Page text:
We are inundated with over 5000 gleaming advertisements daily, according to marketing services firm data SJ Insights. And the introduction of social media has increased that scope as individuals have begun treating themselves as brands. People are consciously curating content for their audience that will increase their visibility as they battle to monetize their influence. While racing to "secure the bag," big businesses have on their high beams and are blinding oncoming traffic from the lasting effects that these images will leave on society and its growing youth culture.
According to Forbes, women are dominant global spenders with 18 trillion dollars in hand. In this new age of advertising and marketing, buyers demand content that speaks to the individual. As we move away from stereotypes, one question still remains: "Does sex sell?"
At this point we've seen these images repeated so frequently it's easy to agree. But a recent study by John Wirtz, University of Illinois' Advertising Professor, claims sex doesn't sell because women aren't buying it. Considering today's political climate, it is women that are unmasking the faces of misogyny that perpetuate the ideas of what women "should be." This placid fact will change the face of the advertising as we know it. But we wonder, who will it impact most?
Rihanna x Rogue
There is no denying the power of seduction. We've seen countless people use their looks to draw attention to themselves and their work. Public figures from Chris Brown to Kim Kardashian (below) use their sex appeal to market and sell a product. And back in 2014, Rihanna's Rogue perfume ad (above) was banned in the U.K. for being too sexy. This formula has trickled down into social media where the pervasive use of nudity impacts millions of timelines daily. 'Likes' and comments are an affirmation of how effective sex appeal is. However, according to Wirtz's study, this does not always equal e-commerce conversion.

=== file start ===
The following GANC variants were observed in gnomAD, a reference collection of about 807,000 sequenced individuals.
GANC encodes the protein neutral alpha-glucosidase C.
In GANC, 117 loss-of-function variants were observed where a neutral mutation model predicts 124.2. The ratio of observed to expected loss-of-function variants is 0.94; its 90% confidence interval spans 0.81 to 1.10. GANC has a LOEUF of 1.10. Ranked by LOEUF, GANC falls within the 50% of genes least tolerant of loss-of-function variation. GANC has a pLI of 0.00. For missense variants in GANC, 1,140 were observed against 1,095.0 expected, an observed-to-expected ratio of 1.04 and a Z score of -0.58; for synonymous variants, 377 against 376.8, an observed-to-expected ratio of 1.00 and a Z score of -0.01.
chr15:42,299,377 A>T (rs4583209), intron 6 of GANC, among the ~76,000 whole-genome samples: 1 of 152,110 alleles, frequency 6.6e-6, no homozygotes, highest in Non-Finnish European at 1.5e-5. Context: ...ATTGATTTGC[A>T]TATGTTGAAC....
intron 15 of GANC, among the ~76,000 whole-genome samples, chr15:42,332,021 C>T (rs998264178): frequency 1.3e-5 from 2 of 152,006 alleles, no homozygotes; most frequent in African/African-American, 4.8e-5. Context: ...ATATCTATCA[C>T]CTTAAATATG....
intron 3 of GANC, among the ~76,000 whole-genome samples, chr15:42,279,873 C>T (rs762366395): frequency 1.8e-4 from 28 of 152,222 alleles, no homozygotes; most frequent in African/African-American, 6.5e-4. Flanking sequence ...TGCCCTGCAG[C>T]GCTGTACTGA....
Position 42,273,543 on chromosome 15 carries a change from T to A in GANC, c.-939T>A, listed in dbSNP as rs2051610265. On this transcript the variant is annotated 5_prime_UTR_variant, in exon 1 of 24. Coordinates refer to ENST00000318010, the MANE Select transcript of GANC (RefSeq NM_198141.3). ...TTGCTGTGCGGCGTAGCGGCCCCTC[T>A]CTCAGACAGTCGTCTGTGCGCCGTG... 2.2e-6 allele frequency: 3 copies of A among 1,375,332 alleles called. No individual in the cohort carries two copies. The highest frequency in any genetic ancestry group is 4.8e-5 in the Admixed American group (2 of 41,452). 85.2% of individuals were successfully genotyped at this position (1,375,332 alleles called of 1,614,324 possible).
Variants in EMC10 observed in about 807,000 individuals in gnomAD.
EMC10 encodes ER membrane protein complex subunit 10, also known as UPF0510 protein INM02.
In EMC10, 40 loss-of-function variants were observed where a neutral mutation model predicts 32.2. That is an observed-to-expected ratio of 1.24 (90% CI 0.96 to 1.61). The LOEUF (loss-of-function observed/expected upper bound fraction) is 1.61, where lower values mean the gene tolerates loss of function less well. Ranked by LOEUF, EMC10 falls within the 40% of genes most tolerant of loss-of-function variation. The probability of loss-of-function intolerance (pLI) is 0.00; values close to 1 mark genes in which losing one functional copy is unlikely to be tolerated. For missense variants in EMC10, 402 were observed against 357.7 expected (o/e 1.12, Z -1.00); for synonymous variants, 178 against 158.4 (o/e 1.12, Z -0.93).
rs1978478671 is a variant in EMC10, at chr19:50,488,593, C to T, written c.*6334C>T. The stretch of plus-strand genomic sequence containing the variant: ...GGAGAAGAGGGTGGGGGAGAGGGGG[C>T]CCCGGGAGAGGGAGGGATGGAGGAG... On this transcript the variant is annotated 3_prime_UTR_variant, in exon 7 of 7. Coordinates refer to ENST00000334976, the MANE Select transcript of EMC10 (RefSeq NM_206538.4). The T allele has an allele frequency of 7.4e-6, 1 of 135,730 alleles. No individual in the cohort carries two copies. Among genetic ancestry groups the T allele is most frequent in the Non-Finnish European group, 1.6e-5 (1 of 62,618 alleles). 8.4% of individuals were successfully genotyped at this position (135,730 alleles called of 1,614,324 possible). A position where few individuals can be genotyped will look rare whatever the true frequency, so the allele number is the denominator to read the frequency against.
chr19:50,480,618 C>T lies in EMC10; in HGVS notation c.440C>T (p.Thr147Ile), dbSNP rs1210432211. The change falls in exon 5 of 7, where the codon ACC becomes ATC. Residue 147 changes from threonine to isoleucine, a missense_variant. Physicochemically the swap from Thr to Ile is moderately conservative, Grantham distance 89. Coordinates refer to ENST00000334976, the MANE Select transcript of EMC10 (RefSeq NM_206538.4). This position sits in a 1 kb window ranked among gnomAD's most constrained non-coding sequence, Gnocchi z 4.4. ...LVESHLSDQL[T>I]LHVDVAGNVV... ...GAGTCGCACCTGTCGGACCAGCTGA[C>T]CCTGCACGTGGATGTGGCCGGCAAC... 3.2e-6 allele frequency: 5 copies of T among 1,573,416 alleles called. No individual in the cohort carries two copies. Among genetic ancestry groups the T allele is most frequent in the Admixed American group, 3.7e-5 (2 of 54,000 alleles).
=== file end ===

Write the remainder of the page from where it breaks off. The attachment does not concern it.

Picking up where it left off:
The use of sex is disproportionate between genders. Fashion, beauty, and the entertainment industry plaster arousing images of women everywhere, yet they are the target consumer. A 2011 study by two undergrad psychology students at Ohio State University claims, on average, men think about sex 1 to 388 times daily, while women think about it 1 to 140 times daily. Wirtz's study proves that ads with sex appeal are more memorable; however, for women, it has a negative effect that does not secure a purchase. One would argue that since women have the buying power, advertisers should take head of this information to increase business.
Looking toward the growing youth, we must understand the impact of these images. This very impressionable audience can be swayed but not fooled. Advertisers must be more clever in their approach to targeting specific demographics through using resources to identify what is important to that target consumer. If there is no change, advertisers will work harder to retain new customers who are already conditioned to swipe left after 15 seconds.